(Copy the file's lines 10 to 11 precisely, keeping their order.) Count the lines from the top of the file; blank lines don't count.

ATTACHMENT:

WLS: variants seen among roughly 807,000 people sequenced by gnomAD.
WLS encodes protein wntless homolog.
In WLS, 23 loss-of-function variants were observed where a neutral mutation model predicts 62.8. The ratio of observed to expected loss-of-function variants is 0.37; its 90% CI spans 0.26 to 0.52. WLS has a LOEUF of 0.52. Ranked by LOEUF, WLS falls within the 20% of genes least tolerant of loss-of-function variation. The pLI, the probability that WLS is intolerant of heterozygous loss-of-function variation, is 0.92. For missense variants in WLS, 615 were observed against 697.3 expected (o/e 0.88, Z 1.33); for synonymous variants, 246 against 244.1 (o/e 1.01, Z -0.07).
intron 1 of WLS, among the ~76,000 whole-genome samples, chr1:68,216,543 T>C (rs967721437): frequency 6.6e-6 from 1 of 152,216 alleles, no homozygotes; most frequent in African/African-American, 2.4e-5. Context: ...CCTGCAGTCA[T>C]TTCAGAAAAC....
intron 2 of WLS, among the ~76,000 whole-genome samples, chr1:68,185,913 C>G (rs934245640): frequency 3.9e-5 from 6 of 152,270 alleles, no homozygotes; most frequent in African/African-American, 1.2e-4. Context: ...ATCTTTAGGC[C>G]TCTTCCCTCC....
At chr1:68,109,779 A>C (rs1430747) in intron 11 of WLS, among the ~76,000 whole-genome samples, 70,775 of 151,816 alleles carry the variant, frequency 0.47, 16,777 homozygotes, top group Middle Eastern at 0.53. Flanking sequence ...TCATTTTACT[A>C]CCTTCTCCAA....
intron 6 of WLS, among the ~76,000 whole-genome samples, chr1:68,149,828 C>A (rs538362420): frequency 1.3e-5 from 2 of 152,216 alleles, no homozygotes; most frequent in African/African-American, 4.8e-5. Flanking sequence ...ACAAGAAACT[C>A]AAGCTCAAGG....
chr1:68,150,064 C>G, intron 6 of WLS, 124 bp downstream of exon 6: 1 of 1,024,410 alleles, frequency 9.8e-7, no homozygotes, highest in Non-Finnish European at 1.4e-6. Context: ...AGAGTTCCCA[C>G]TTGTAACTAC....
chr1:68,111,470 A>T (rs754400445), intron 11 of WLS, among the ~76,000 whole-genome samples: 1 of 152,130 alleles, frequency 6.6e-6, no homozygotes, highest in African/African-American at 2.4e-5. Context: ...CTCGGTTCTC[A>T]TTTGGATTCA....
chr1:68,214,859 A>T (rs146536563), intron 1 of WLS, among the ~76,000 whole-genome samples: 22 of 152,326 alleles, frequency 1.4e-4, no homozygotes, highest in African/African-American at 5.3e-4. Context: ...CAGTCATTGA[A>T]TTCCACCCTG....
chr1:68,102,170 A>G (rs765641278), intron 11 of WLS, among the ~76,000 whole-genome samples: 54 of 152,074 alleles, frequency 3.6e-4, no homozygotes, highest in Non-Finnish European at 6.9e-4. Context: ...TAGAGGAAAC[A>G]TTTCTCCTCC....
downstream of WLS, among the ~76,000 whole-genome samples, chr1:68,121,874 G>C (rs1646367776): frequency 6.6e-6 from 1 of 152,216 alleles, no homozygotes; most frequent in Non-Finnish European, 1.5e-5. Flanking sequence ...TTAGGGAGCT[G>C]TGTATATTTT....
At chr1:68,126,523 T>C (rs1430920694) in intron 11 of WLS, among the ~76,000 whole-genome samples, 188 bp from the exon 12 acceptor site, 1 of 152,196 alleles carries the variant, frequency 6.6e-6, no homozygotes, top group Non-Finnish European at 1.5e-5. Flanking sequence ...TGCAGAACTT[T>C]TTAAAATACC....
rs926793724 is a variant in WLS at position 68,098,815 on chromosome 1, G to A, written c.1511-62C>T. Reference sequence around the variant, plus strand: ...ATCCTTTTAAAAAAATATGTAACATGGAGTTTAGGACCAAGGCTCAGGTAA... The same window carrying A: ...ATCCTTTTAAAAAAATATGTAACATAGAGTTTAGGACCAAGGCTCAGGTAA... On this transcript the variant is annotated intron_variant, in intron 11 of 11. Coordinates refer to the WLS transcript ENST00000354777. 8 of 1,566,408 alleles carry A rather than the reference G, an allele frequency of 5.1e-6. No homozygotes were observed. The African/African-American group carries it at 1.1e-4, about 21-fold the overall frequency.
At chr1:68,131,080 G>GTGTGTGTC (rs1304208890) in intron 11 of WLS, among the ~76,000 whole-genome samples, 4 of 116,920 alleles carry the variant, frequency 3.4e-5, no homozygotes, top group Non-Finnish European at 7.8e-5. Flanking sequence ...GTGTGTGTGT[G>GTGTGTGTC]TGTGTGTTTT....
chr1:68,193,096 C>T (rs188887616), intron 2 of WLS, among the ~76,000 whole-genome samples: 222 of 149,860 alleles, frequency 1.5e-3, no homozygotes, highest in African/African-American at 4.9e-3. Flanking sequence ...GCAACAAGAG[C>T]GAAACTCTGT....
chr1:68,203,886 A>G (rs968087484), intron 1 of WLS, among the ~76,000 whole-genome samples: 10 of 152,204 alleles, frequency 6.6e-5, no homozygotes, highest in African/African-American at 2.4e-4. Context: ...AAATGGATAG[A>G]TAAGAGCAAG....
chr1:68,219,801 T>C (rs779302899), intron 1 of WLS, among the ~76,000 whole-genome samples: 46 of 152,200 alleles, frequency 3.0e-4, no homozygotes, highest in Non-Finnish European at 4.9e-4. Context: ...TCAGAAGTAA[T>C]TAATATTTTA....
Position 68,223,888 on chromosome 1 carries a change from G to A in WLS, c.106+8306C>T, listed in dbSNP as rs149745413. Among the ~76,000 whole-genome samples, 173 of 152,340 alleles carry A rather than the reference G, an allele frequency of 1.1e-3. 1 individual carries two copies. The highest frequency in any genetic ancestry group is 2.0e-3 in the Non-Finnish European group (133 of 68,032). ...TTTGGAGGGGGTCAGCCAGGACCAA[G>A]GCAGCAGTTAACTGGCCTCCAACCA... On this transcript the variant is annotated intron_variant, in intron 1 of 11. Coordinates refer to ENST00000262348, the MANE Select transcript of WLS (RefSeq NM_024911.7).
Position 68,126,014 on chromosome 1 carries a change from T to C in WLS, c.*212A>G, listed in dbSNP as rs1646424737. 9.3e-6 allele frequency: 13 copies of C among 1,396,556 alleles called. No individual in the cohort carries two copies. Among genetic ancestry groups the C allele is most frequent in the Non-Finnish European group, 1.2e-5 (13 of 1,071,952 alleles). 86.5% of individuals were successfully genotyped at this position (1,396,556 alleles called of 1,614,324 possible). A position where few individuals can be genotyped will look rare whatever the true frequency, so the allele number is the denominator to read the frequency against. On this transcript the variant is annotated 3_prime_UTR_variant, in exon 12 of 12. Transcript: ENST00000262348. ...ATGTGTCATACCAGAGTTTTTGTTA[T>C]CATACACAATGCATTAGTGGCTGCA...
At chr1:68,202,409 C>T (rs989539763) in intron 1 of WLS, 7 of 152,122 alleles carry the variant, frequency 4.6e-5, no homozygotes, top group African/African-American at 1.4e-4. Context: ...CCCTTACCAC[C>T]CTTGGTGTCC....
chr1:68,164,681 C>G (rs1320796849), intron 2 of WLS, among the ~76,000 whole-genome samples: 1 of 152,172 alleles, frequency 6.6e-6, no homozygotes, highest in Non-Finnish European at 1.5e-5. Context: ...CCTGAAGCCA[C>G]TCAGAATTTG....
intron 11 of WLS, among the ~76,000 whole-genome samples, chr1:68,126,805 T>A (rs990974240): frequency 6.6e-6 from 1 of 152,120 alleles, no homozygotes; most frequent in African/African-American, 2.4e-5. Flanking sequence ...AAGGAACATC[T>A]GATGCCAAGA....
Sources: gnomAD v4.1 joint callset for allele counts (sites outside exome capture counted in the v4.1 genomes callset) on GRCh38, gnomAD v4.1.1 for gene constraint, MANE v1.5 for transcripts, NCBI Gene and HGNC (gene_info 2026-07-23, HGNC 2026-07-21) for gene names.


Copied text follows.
chr1:68,214,859 A>T (rs146536563), intron 1 of WLS, among the ~76,000 whole-genome samples: 22 of 152,326 alleles, frequency 1.4e-4, no homozygotes, highest in African/African-American at 5.3e-4. Context: ...CAGTCATTGA[A>T]TTCCACCCTG....
chr1:68,102,170 A>G (rs765641278), intron 11 of WLS, among the ~76,000 whole-genome samples: 54 of 152,074 alleles, frequency 3.6e-4, no homozygotes, highest in Non-Finnish European at 6.9e-4. Context: ...TAGAGGAAAC[A>G]TTTCTCCTCC....